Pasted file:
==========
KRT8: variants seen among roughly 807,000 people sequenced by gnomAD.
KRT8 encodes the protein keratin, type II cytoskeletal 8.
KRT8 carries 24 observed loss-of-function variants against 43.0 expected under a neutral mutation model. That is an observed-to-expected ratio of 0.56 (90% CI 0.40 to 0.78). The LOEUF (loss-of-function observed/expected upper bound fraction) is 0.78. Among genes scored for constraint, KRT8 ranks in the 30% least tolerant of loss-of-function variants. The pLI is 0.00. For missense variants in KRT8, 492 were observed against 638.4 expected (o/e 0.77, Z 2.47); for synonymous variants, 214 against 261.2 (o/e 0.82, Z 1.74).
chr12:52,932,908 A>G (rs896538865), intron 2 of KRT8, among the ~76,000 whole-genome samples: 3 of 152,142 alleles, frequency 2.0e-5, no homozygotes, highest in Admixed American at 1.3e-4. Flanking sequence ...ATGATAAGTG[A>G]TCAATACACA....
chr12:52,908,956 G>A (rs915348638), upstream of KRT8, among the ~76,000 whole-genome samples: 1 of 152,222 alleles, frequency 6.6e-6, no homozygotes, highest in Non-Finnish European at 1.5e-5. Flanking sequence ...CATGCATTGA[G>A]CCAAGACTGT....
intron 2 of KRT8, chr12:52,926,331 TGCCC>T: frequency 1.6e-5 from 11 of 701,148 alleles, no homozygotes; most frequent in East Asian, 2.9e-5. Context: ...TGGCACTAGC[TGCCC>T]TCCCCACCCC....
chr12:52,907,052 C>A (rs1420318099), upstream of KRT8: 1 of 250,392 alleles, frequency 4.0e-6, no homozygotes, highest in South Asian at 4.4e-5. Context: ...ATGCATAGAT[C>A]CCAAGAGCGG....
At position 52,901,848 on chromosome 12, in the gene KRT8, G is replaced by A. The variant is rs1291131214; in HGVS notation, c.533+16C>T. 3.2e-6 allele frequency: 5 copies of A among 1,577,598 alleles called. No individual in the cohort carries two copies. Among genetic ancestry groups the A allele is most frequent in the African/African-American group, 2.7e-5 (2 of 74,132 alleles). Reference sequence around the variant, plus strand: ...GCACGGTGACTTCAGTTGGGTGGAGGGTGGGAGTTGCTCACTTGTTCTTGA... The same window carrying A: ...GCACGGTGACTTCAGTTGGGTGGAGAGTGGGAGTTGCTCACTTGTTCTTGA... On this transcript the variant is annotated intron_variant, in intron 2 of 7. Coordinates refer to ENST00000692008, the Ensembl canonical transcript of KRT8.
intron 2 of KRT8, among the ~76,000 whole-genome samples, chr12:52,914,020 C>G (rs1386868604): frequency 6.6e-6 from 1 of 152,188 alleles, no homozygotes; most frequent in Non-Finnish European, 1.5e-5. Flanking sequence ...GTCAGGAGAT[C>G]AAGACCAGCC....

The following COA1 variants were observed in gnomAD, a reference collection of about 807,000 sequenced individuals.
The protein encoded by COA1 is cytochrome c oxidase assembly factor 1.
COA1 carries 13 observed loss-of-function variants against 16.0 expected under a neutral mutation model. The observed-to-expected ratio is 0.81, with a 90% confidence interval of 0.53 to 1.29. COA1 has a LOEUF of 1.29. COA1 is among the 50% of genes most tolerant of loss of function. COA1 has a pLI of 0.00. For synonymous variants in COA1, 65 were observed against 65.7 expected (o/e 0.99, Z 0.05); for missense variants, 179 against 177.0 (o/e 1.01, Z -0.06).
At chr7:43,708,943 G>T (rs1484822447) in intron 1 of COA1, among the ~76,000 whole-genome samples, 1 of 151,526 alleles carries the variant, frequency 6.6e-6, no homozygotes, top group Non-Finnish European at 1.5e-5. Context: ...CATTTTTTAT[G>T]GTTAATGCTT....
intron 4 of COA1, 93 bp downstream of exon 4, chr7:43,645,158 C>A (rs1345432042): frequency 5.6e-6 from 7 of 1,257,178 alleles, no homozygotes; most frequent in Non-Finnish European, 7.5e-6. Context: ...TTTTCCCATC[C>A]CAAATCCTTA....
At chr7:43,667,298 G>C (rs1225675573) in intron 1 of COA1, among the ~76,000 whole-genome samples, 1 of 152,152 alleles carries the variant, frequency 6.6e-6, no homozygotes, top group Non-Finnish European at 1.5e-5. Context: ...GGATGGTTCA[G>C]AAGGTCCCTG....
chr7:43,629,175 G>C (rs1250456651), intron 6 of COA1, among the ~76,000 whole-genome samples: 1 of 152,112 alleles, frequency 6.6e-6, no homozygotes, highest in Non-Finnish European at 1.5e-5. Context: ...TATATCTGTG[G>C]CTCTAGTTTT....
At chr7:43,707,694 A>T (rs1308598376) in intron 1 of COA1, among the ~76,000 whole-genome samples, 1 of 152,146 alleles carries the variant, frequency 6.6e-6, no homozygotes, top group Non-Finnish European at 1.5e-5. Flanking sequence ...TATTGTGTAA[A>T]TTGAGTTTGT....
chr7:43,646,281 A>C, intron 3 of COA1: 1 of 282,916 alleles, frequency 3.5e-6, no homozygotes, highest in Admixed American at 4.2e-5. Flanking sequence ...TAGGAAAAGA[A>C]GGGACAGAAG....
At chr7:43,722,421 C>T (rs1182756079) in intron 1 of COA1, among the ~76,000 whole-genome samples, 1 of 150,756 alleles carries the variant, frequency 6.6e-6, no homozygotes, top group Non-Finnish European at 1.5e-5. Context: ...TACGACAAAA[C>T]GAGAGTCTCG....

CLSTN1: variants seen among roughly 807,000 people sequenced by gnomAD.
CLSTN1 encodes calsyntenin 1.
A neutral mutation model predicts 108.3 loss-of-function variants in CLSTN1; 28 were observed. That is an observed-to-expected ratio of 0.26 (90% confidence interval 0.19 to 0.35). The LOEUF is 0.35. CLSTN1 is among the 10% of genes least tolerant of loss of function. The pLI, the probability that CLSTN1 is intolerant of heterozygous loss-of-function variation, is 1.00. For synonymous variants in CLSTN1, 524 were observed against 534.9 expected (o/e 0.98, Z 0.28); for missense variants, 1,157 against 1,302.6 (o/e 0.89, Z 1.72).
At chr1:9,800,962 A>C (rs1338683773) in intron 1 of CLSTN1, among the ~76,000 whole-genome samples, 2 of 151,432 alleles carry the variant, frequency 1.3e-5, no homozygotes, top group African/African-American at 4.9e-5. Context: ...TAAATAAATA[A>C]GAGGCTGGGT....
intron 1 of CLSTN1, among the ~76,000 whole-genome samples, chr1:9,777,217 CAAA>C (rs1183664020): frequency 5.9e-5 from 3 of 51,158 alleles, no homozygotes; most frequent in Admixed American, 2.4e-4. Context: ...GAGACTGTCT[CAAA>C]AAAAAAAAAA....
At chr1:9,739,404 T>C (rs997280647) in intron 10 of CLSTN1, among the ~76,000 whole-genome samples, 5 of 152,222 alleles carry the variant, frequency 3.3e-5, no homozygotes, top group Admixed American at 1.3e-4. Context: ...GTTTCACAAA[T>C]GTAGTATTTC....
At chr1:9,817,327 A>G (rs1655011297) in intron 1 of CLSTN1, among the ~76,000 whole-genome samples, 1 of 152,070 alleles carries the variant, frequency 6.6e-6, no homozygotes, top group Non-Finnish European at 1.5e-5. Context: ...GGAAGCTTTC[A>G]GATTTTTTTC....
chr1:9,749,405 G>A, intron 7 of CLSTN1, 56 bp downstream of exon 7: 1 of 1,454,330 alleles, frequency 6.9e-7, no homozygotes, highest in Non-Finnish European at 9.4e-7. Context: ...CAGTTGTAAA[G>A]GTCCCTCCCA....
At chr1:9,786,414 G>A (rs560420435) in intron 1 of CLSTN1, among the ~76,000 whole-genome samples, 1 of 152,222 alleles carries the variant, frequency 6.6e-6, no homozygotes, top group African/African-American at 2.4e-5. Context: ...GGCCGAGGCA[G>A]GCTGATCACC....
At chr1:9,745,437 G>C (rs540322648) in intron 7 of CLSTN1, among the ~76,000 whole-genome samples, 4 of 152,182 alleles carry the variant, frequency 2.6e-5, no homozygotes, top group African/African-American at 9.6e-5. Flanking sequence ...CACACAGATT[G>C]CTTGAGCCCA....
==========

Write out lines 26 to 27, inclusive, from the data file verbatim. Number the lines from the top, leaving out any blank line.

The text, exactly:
At chr1:9,817,327 A>G (rs1655011297) in intron 1 of CLSTN1, among the ~76,000 whole-genome samples, 1 of 152,070 alleles carries the variant, frequency 6.6e-6, no homozygotes, top group Non-Finnish European at 1.5e-5. Context: ...GGAAGCTTTC[A>G]GATTTTTTTC....
chr1:9,749,405 G>A, intron 7 of CLSTN1, 56 bp downstream of exon 7: 1 of 1,454,330 alleles, frequency 6.9e-7, no homozygotes, highest in Non-Finnish European at 9.4e-7. Context: ...CAGTTGTAAA[G>A]GTCCCTCCCA....